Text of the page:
WHAT ‘EVIDENCE’ WILL I NEED IN A CONTESTED TEXAS DIVORCE
Types Of Evidence
Initially, it is important to understand the different forms of evidence that may be introduced in a contested divorce proceeding.
- >Written Evidence: This category includes any documentation that is available in paper or electronic format, which a party will typically provide to an attorney before filing for divorce or early on in the process. Written evidence may also enter a divorce case through discovery, including interrogatories and requests for documents.
- Oral Evidence: Any information that comes through the spoken word constitutes oral evidence, such as the testimony of either party, witnesses, experts, and others who are called to the stand. In addition, statements made in connection with a deposition are also oral evidence, though the transcript itself is on paper.
According to the Texas Rules of Evidence, all written and oral evidence is admissible as long as it is relevant and does not contravene some other federal or state law.
How Evidence Fits into a Contested Divorce Case
Property Division: The initial question in this area is whether assets were acquired during the marriage, in which case it is considered community property and subject to equitable distribution. Separate property owned before getting married, gifts, and inheritances belong to the respective spouse. Community property will be divided in the interests of fairness in a contested divorce. Therefore, evidence regarding ownership of an asset, when it was acquired, and its value is important.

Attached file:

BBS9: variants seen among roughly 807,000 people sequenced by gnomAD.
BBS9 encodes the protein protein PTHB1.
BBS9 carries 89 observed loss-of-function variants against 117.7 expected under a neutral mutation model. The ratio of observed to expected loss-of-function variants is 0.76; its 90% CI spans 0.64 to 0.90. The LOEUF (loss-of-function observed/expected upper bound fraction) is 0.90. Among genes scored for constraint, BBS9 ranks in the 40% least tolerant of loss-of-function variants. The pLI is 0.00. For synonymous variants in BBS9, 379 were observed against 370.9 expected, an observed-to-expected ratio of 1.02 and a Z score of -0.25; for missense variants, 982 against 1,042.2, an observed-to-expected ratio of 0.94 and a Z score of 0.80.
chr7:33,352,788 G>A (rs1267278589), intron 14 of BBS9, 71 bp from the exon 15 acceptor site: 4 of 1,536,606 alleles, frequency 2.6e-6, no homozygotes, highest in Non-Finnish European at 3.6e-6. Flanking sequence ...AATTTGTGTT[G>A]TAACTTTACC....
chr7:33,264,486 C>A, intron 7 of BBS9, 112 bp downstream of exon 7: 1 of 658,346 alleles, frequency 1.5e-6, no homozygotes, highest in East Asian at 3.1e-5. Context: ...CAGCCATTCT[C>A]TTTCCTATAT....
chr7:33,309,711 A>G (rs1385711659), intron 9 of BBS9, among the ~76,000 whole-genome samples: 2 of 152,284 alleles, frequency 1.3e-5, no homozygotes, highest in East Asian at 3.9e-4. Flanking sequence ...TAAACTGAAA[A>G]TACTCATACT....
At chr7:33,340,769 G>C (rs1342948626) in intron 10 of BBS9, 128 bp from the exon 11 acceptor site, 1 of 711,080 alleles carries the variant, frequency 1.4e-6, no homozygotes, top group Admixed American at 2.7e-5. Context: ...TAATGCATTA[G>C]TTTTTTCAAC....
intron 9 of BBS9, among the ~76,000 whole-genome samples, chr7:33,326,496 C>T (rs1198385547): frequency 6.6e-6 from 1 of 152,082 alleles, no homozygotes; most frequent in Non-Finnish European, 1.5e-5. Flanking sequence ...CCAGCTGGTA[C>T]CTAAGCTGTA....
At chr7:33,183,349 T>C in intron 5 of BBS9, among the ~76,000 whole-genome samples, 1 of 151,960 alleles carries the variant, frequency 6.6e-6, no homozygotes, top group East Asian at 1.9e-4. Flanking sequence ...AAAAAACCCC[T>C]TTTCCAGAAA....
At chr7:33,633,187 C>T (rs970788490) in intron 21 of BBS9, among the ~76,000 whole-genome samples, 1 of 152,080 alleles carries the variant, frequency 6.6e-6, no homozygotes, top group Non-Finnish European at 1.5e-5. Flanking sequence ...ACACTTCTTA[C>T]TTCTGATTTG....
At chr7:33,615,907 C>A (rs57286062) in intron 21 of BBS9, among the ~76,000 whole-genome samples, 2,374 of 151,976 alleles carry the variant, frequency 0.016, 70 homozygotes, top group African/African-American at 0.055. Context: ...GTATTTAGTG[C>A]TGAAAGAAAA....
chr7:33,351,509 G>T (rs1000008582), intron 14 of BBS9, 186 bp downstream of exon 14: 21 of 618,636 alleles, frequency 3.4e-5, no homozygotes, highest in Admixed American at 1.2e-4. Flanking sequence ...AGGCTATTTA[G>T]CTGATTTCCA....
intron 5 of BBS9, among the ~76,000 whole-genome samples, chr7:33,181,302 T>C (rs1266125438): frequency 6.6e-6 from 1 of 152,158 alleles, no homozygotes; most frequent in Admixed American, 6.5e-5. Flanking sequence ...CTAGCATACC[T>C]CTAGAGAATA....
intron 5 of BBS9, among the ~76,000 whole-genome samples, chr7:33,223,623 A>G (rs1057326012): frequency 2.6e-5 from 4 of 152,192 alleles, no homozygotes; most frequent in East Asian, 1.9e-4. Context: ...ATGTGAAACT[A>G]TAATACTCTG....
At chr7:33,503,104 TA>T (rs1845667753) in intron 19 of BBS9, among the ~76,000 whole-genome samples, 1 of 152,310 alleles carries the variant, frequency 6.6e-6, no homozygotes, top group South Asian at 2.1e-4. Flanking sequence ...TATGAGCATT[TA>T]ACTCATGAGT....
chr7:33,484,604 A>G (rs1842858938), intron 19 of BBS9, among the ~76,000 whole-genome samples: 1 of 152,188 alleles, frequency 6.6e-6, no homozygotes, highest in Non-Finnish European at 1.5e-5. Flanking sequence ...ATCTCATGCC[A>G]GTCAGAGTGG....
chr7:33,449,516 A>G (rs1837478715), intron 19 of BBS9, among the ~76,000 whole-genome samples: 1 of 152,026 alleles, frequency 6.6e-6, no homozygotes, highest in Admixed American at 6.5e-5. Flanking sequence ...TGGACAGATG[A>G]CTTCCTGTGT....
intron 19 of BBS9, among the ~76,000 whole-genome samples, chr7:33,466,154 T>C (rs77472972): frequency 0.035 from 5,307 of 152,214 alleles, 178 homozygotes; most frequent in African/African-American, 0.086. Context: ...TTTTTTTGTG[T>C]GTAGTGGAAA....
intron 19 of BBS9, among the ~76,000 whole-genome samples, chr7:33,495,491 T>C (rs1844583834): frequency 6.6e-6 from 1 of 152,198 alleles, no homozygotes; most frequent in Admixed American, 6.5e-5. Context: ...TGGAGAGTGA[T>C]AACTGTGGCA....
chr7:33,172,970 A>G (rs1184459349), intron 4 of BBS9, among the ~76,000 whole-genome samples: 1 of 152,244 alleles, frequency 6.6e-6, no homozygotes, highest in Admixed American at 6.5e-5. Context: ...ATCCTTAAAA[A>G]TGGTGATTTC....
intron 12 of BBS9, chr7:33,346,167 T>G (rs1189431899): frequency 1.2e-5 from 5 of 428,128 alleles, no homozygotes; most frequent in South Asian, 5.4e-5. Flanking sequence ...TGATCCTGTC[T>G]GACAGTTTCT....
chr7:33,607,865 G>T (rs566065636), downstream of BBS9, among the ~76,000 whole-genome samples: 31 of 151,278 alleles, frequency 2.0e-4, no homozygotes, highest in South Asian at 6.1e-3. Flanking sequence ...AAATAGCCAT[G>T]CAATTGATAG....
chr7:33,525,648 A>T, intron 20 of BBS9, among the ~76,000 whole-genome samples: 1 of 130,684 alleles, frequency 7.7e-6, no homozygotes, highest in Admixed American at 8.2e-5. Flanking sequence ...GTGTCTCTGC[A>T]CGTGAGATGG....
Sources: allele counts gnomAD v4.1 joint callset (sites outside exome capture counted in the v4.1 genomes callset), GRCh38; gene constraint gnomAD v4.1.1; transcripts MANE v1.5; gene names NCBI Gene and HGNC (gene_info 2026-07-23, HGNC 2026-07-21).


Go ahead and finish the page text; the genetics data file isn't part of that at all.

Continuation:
Spousal Support: A judge will consider whether post-divorce spousal support is appropriate, what type of spousal support best suits the situation and the amount to be paid by the payor spouse. As such, information on the following topics may be useful:
- Income and wages;
- The lower-earning spouse’s education and employment potential;
- History regarding one spouse staying out of the workforce to contribute to the household and children;
- The opportunities a spouse gave up to support the other through educational or employment endeavors.
Issues Related to Minor Children
A judge applies the factors related to the child’s best interests to determine custody and visitation arrangements. Evidence is important as it relates to:
- The mental and physical fitness of each parent;
- The child’s current and future needs;
- Potential for abuse, violence, or other dangers to the child;
- The stability of the proposed residential arrangement; and,
- Other factors listed in the Texas statute.
For purposes of determining child support, evidence regarding the parents’ income and assets will be central in applying Texas’ child support guidelines.